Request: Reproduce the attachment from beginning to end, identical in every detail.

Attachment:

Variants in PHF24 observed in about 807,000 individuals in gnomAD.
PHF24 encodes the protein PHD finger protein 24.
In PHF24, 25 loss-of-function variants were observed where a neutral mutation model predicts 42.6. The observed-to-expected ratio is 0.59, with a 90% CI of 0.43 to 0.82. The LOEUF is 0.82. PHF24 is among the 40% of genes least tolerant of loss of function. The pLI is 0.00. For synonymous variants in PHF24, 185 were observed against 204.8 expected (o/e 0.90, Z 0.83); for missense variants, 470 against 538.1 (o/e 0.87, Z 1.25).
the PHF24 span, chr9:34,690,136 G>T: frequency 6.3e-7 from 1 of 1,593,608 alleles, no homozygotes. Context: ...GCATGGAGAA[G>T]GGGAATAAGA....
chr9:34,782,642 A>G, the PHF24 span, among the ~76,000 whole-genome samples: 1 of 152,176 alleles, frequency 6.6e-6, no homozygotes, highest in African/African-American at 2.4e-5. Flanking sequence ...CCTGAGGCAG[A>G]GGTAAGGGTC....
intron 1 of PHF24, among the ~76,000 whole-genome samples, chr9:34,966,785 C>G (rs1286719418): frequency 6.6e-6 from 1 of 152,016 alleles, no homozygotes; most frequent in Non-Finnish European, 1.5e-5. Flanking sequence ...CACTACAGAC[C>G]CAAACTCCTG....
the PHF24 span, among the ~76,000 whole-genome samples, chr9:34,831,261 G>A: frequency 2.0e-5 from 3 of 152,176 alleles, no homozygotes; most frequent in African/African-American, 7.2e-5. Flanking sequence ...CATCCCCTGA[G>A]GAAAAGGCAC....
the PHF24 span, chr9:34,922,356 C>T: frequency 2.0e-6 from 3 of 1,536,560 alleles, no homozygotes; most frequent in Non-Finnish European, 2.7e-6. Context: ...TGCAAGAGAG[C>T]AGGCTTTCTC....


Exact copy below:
Variants in PHF24 observed in about 807,000 individuals in gnomAD.
PHF24 encodes the protein PHD finger protein 24.
In PHF24, 25 loss-of-function variants were observed where a neutral mutation model predicts 42.6. The observed-to-expected ratio is 0.59, with a 90% CI of 0.43 to 0.82. The LOEUF is 0.82. PHF24 is among the 40% of genes least tolerant of loss of function. The pLI is 0.00. For synonymous variants in PHF24, 185 were observed against 204.8 expected (o/e 0.90, Z 0.83); for missense variants, 470 against 538.1 (o/e 0.87, Z 1.25).
the PHF24 span, chr9:34,690,136 G>T: frequency 6.3e-7 from 1 of 1,593,608 alleles, no homozygotes. Context: ...GCATGGAGAA[G>T]GGGAATAAGA....
chr9:34,782,642 A>G, the PHF24 span, among the ~76,000 whole-genome samples: 1 of 152,176 alleles, frequency 6.6e-6, no homozygotes, highest in African/African-American at 2.4e-5. Flanking sequence ...CCTGAGGCAG[A>G]GGTAAGGGTC....
intron 1 of PHF24, among the ~76,000 whole-genome samples, chr9:34,966,785 C>G (rs1286719418): frequency 6.6e-6 from 1 of 152,016 alleles, no homozygotes; most frequent in Non-Finnish European, 1.5e-5. Flanking sequence ...CACTACAGAC[C>G]CAAACTCCTG....
the PHF24 span, among the ~76,000 whole-genome samples, chr9:34,831,261 G>A: frequency 2.0e-5 from 3 of 152,176 alleles, no homozygotes; most frequent in African/African-American, 7.2e-5. Flanking sequence ...CATCCCCTGA[G>A]GAAAAGGCAC....
the PHF24 span, chr9:34,922,356 C>T: frequency 2.0e-6 from 3 of 1,536,560 alleles, no homozygotes; most frequent in Non-Finnish European, 2.7e-6. Context: ...TGCAAGAGAG[C>T]AGGCTTTCTC....